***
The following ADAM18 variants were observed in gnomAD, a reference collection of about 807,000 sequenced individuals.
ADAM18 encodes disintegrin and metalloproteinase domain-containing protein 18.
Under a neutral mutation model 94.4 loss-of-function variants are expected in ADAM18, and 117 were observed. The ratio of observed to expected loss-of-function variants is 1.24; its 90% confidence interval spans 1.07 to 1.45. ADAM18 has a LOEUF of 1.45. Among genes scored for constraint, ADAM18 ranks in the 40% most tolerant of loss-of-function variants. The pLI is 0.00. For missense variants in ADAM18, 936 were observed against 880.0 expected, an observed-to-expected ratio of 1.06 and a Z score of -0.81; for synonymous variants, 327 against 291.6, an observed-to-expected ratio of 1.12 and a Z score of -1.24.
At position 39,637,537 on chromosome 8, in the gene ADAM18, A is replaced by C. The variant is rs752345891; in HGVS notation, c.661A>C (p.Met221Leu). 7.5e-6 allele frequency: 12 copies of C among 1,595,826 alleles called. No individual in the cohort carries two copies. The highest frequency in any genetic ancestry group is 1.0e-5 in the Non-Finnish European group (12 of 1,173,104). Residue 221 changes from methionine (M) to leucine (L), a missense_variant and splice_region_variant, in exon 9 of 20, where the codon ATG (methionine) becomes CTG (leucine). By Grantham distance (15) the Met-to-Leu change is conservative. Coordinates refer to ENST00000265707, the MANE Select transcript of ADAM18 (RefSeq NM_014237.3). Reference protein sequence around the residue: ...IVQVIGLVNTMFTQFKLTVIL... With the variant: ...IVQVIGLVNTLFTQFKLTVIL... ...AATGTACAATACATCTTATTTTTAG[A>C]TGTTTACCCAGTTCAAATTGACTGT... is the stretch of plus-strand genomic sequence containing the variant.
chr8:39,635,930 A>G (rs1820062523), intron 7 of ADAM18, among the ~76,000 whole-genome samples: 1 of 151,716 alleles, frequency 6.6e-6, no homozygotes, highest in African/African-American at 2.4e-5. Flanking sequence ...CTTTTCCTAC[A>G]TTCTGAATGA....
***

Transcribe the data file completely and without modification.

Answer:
The following ADAM18 variants were observed in gnomAD, a reference collection of about 807,000 sequenced individuals.
ADAM18 encodes disintegrin and metalloproteinase domain-containing protein 18.
Under a neutral mutation model 94.4 loss-of-function variants are expected in ADAM18, and 117 were observed. The ratio of observed to expected loss-of-function variants is 1.24; its 90% confidence interval spans 1.07 to 1.45. ADAM18 has a LOEUF of 1.45. Among genes scored for constraint, ADAM18 ranks in the 40% most tolerant of loss-of-function variants. The pLI is 0.00. For missense variants in ADAM18, 936 were observed against 880.0 expected, an observed-to-expected ratio of 1.06 and a Z score of -0.81; for synonymous variants, 327 against 291.6, an observed-to-expected ratio of 1.12 and a Z score of -1.24.
At position 39,637,537 on chromosome 8, in the gene ADAM18, A is replaced by C. The variant is rs752345891; in HGVS notation, c.661A>C (p.Met221Leu). 7.5e-6 allele frequency: 12 copies of C among 1,595,826 alleles called. No individual in the cohort carries two copies. The highest frequency in any genetic ancestry group is 1.0e-5 in the Non-Finnish European group (12 of 1,173,104). Residue 221 changes from methionine (M) to leucine (L), a missense_variant and splice_region_variant, in exon 9 of 20, where the codon ATG (methionine) becomes CTG (leucine). By Grantham distance (15) the Met-to-Leu change is conservative. Coordinates refer to ENST00000265707, the MANE Select transcript of ADAM18 (RefSeq NM_014237.3). Reference protein sequence around the residue: ...IVQVIGLVNTMFTQFKLTVIL... With the variant: ...IVQVIGLVNTLFTQFKLTVIL... ...AATGTACAATACATCTTATTTTTAG[A>C]TGTTTACCCAGTTCAAATTGACTGT... is the stretch of plus-strand genomic sequence containing the variant.
chr8:39,635,930 A>G (rs1820062523), intron 7 of ADAM18, among the ~76,000 whole-genome samples: 1 of 151,716 alleles, frequency 6.6e-6, no homozygotes, highest in African/African-American at 2.4e-5. Flanking sequence ...CTTTTCCTAC[A>G]TTCTGAATGA....